Tuesday, April 20, 2010

APA urges donors to ensure indigenous rights upheld when they finance forest conservation

GUYANA - Worried about unresolved land titling and a lack of meaningful participation in decision-making, the Amerindian Peoples Association (APA) has urged donors to ensure that indigenous peoples’ guaranteed rights are fully upheld in all forest conservation activities they finance here.

As a result, the APA and some community leaders are calling for an urgent review and amendment of the current Amerindian Act to strengthen land rights as well as the creation of safeguards to ensure that opt-in/opt-out procedures under the Low Carbon Development Strategy (LCDS) comply with principles of free, prior, and informed consent. Additionally, they recommended the establishment of an independent Amerindian advisory group to complement the LCDS multi-stakeholder committee and a working group to address the application of international standards in the process.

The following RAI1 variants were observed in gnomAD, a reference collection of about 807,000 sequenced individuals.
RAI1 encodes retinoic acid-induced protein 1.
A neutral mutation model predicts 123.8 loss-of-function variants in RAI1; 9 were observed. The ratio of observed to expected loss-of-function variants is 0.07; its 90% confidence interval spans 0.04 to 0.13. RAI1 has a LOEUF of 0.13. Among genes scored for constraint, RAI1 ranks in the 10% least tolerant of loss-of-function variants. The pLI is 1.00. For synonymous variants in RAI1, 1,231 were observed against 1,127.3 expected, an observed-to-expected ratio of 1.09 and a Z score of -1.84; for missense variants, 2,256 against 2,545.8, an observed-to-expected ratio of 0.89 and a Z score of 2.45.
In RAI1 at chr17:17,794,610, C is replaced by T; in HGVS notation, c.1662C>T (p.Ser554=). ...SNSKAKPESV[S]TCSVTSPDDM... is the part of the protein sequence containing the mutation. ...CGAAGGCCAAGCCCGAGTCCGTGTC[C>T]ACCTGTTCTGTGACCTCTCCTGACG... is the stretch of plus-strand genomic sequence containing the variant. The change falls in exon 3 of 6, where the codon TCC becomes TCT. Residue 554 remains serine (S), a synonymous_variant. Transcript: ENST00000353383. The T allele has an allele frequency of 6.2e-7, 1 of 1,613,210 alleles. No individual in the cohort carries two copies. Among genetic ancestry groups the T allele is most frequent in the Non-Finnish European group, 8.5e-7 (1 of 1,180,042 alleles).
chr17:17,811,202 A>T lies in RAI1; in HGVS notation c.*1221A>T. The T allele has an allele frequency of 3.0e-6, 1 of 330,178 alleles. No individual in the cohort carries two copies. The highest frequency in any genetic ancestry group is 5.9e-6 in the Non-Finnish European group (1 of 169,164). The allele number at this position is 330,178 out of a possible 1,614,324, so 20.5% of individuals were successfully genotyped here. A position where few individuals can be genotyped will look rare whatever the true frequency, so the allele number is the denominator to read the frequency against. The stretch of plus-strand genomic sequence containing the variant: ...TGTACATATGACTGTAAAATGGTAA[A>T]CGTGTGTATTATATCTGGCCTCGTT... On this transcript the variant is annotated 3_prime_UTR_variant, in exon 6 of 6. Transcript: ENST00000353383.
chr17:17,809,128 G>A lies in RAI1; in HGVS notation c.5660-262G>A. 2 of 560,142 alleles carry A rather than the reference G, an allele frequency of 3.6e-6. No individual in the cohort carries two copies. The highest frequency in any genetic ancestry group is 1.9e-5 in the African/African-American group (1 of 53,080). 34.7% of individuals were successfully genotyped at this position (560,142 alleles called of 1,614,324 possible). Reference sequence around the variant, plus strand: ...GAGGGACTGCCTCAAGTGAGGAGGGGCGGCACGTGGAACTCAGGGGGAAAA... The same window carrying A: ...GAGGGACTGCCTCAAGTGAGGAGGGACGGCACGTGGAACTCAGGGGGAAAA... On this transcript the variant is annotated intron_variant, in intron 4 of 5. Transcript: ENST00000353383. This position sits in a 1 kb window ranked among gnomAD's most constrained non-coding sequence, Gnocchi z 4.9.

In a March 10, 2010 letter to Turid Johansen Arnegaard, Senior Advisor for Indigenous Peoples Issues in the Norwegian Agency for Development Cooperation, the APA and the community leaders said that the recommendations follow concerns about the lack of an adequate legal framework to protect the rights of the indigenous peoples, including what it described as the absence of meaningful participation in the decision-making on the LCDS/REDD+. “These concerns are crucially important to the sustainability of LCDS/REDD+ but have yet to be adequately addressed,” the APA said, noting that while it fully supports culturally appropriate sustainable development and reducing carbon emissions, the initiatives should not be done at the expense of indigenous peoples’ rights.